Supporters of the free PC operating system Linux are preparing to counter a recent Microsoft Corp. deal which established for the first time the principle of paying the software giant to use Linux.
Microsoft signed a deal with Novell Inc. , one of the providers of Linux, in which Novell paid a lump sum in return for a guarantee that Microsoft would not sue Novell's clients for what it calls a violation of its own patents in the Linux program.
Eban Moglen, one of the pioneers of free software, said Microsoft's deal skirts the requirements of the GNU General Public License, used by Linux and other free programs, which requires the software to be given away.
He said he and others have started work on updating the license to close the loophole by inserting a clause stating that a promise not to sue, such as the one given by Microsoft, would be automatically applicable to everyone.
That would effectively flip Microsoft's agreement on its head and guarantee that no one would face a suit from Microsoft if anyone were protected.
"A clause like that would not be difficult to get community agreement on these days," Moglen said, adding that a change could be ready in weeks or months.
A spokesman for Novell, Bruce Lowry, said: "We don't want to speculate on what would happen under the next version of the GNU General Public License because things are still in motion." Microsoft had no comment.
In the meantime, the prospect of a drawn-out legal battle with Microsoft, an experienced litigator, could push users of Linux into the hands of Novell and away from dominant Linux provider Red Hat Inc. , which does not have such a deal with Microsoft.
Although Linux is free, providers of the system offer the software with packaging, documentation and — most important — installation and maintenance, so that any client shift from Red Hat would cost it money.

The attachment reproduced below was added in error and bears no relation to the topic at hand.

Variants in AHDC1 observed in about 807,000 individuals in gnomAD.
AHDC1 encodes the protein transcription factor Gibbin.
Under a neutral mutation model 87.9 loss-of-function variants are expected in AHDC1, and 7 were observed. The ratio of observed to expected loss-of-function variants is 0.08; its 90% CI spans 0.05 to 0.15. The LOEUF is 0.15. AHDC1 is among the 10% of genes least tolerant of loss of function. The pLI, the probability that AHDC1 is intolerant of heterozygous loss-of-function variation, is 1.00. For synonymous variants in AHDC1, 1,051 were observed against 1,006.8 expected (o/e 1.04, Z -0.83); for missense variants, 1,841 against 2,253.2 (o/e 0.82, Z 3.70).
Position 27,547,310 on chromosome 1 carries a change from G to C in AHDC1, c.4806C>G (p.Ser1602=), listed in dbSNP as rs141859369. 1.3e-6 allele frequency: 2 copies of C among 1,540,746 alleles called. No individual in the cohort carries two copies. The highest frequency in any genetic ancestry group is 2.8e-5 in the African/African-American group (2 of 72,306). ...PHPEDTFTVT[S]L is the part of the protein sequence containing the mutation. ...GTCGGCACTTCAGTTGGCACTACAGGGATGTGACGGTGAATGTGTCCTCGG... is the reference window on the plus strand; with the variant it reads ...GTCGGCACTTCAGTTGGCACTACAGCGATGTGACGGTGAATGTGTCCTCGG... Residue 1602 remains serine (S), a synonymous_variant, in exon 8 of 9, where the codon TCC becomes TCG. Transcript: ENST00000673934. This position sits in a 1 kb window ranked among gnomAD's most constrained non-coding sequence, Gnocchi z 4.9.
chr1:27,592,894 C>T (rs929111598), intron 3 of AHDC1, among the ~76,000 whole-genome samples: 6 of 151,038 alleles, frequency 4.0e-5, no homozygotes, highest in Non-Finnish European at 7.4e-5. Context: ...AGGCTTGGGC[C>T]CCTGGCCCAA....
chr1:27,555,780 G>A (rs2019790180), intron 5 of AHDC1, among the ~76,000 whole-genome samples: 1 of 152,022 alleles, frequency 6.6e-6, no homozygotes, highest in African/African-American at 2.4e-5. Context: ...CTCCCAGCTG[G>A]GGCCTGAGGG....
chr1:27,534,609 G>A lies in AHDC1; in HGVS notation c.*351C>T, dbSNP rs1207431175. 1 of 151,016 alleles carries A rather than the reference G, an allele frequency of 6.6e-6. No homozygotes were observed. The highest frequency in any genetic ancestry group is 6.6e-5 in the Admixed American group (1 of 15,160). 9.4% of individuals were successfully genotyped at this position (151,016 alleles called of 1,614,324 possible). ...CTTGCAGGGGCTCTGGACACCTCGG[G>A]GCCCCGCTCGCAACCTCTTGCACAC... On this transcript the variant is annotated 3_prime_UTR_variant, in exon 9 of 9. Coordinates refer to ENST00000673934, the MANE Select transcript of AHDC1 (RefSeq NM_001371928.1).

"Either customers desert Red Hat to go to Novell, to get safety, or Red Hat will be forced into a similar deal with Microsoft," said Moglen, a professor at Columbia Law School and founding director of the Software Freedom Law Center in New York.
Under the Novell deal, in which both companies agreed not to sue each other's clients for patent violation, Microsoft agreed to pay Novell $348 million, with Novell paying Microsoft $40 million, on the basis that Novell has fewer customers.
Microsoft is paying $108 million for the non-litigation agreement and the rest for Linux subscriptions for resale or distribution to its customers.
Microsoft says it has patent rights to some of the technology in Linux, although it has never said exactly what those rights might be or what patents are involved.
Microsoft Chief Executive Steve Ballmer said if customers bought Linux from anyone but Novell, they could face trouble.
"If a customer says: 'Look, do we have liability for the use of your patented work?' Essentially, if you're using non-SUSE Linux, then I'd say the answer is yes," Ballmer told eWeek.com recently, referring to the Linux system sold by Novell.
"I suspect that (customers) will take that issue up with their distributor," Ballmer said, adding that if customers considered doing a direct download of a non-SUSE Linux version, "they'll think twice about that."
Microsoft makes the Windows operating system, for which it charges billions of dollars a year, but Linux has been a thorn in the software giant's side because it is freely available.
Linux was created, maintained and improved by volunteers working under a license requiring that it be freely available for copying, modification and improvements.